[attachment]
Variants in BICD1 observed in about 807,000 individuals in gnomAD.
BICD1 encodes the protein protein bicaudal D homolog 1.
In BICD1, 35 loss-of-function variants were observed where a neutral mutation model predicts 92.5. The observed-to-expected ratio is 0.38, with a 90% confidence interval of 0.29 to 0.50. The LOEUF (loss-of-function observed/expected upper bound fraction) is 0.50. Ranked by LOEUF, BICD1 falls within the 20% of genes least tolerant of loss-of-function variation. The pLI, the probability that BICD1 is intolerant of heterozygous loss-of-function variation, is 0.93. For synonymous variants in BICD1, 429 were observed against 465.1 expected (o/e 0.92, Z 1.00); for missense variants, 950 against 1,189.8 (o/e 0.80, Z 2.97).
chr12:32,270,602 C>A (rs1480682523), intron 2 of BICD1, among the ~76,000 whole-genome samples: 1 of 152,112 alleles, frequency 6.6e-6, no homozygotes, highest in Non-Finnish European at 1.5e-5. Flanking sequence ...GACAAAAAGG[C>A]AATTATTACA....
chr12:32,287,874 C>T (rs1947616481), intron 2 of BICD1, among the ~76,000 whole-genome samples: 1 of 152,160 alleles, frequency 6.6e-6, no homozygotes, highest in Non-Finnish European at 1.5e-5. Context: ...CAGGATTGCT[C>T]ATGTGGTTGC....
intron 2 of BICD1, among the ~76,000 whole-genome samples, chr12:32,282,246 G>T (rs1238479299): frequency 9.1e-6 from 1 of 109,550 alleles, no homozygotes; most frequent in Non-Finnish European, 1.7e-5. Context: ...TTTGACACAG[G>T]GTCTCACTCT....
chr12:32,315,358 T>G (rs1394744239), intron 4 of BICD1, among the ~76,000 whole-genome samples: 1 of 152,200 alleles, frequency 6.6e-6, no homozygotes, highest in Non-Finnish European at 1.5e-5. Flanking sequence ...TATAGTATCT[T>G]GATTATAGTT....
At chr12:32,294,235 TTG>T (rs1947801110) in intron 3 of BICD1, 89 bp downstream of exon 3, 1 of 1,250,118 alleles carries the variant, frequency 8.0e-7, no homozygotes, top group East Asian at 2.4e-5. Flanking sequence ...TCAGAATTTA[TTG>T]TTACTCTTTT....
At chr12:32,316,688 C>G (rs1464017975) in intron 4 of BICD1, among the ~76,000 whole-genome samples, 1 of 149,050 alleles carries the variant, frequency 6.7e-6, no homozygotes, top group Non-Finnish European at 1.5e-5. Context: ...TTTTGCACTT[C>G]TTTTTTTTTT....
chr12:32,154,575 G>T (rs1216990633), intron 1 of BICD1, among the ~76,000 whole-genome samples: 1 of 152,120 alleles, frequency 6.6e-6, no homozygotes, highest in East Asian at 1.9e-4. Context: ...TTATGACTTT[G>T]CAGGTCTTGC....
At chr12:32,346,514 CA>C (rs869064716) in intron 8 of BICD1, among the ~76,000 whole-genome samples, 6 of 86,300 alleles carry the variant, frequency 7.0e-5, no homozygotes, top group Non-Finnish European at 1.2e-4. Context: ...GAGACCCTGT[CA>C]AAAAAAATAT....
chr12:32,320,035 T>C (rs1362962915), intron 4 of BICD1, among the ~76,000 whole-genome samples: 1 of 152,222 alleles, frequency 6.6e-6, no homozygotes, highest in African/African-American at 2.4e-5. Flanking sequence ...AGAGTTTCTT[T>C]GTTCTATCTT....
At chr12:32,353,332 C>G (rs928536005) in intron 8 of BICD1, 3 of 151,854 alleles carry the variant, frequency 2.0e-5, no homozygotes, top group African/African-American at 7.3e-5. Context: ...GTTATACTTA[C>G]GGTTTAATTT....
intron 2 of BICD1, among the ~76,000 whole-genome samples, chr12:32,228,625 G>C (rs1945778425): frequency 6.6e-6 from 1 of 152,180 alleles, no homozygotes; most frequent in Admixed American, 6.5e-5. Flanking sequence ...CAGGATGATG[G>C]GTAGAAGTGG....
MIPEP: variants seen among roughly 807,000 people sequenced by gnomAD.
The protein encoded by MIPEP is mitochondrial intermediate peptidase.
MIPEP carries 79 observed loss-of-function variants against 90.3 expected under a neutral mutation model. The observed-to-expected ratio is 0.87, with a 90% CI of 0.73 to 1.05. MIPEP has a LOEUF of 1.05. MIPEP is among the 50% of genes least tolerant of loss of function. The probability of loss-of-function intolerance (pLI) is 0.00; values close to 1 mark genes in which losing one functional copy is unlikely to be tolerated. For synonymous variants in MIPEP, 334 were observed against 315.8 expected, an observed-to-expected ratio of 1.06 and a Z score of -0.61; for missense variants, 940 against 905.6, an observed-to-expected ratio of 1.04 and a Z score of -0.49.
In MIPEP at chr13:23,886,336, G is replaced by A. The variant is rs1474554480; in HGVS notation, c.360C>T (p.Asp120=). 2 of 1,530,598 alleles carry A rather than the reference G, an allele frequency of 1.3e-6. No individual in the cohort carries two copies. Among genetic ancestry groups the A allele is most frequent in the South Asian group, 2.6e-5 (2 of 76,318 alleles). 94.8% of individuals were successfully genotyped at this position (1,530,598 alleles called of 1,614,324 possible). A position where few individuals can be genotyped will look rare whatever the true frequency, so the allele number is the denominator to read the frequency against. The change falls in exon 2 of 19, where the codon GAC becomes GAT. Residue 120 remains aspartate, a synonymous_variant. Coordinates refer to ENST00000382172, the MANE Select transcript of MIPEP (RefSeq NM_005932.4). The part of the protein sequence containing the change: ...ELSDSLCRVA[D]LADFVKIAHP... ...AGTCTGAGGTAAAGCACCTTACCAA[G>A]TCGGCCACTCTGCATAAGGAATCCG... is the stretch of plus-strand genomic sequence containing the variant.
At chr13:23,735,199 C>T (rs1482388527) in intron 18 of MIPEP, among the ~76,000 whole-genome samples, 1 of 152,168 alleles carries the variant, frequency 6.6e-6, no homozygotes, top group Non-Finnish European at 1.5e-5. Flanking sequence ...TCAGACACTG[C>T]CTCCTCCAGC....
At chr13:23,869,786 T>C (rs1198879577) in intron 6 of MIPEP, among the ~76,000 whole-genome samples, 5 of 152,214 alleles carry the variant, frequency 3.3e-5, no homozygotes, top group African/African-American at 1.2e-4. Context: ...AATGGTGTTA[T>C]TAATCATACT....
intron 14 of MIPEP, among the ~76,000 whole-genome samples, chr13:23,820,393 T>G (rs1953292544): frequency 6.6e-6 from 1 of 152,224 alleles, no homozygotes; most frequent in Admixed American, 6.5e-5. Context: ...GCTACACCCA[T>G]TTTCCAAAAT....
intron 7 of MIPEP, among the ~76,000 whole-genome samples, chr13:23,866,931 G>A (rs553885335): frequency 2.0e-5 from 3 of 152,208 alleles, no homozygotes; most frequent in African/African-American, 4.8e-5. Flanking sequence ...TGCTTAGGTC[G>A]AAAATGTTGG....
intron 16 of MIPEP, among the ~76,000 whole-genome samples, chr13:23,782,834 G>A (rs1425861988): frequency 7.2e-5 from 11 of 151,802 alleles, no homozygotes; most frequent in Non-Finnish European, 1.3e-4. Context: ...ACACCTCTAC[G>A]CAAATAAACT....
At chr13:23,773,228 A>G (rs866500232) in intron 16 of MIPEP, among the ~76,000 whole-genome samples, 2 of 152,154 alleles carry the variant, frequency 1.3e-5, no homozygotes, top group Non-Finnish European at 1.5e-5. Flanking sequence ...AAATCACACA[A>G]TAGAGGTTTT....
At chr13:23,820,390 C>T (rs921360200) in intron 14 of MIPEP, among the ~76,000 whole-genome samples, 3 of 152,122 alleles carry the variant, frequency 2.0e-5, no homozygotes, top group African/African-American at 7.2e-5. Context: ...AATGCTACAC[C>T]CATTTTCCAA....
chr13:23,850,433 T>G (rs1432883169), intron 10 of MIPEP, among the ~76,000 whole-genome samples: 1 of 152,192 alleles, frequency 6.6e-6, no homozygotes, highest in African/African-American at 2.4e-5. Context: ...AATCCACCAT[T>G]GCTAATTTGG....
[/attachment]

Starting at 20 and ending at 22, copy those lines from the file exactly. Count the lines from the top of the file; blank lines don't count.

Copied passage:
At chr13:23,869,786 T>C (rs1198879577) in intron 6 of MIPEP, among the ~76,000 whole-genome samples, 5 of 152,214 alleles carry the variant, frequency 3.3e-5, no homozygotes, top group African/African-American at 1.2e-4. Context: ...AATGGTGTTA[T>C]TAATCATACT....
intron 14 of MIPEP, among the ~76,000 whole-genome samples, chr13:23,820,393 T>G (rs1953292544): frequency 6.6e-6 from 1 of 152,224 alleles, no homozygotes; most frequent in Admixed American, 6.5e-5. Context: ...GCTACACCCA[T>G]TTTCCAAAAT....
intron 7 of MIPEP, among the ~76,000 whole-genome samples, chr13:23,866,931 G>A (rs553885335): frequency 2.0e-5 from 3 of 152,208 alleles, no homozygotes; most frequent in African/African-American, 4.8e-5. Flanking sequence ...TGCTTAGGTC[G>A]AAAATGTTGG....